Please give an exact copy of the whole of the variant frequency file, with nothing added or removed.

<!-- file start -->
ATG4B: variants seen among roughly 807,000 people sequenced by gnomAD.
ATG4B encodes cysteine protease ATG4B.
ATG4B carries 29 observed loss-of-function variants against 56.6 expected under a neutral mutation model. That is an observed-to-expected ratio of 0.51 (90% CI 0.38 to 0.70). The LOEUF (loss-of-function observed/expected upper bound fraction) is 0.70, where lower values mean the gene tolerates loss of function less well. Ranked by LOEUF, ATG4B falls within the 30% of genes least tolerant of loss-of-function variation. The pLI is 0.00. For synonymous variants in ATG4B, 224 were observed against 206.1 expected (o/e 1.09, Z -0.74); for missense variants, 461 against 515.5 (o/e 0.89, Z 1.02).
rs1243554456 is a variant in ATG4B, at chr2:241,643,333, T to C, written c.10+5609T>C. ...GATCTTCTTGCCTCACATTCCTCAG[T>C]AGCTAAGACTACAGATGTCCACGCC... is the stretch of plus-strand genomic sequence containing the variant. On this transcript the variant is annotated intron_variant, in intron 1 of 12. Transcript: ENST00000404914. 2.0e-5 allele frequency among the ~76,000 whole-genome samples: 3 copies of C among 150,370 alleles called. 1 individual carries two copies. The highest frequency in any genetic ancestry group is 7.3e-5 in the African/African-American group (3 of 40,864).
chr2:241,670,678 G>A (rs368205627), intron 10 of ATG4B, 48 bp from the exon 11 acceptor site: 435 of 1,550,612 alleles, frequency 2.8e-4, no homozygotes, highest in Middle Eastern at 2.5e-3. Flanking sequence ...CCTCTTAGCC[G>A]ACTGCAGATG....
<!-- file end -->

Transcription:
ATG4B: variants seen among roughly 807,000 people sequenced by gnomAD.
ATG4B encodes cysteine protease ATG4B.
ATG4B carries 29 observed loss-of-function variants against 56.6 expected under a neutral mutation model. That is an observed-to-expected ratio of 0.51 (90% CI 0.38 to 0.70). The LOEUF (loss-of-function observed/expected upper bound fraction) is 0.70, where lower values mean the gene tolerates loss of function less well. Ranked by LOEUF, ATG4B falls within the 30% of genes least tolerant of loss-of-function variation. The pLI is 0.00. For synonymous variants in ATG4B, 224 were observed against 206.1 expected (o/e 1.09, Z -0.74); for missense variants, 461 against 515.5 (o/e 0.89, Z 1.02).
rs1243554456 is a variant in ATG4B, at chr2:241,643,333, T to C, written c.10+5609T>C. ...GATCTTCTTGCCTCACATTCCTCAG[T>C]AGCTAAGACTACAGATGTCCACGCC... is the stretch of plus-strand genomic sequence containing the variant. On this transcript the variant is annotated intron_variant, in intron 1 of 12. Transcript: ENST00000404914. 2.0e-5 allele frequency among the ~76,000 whole-genome samples: 3 copies of C among 150,370 alleles called. 1 individual carries two copies. The highest frequency in any genetic ancestry group is 7.3e-5 in the African/African-American group (3 of 40,864).
chr2:241,670,678 G>A (rs368205627), intron 10 of ATG4B, 48 bp from the exon 11 acceptor site: 435 of 1,550,612 alleles, frequency 2.8e-4, no homozygotes, highest in Middle Eastern at 2.5e-3. Flanking sequence ...CCTCTTAGCC[G>A]ACTGCAGATG....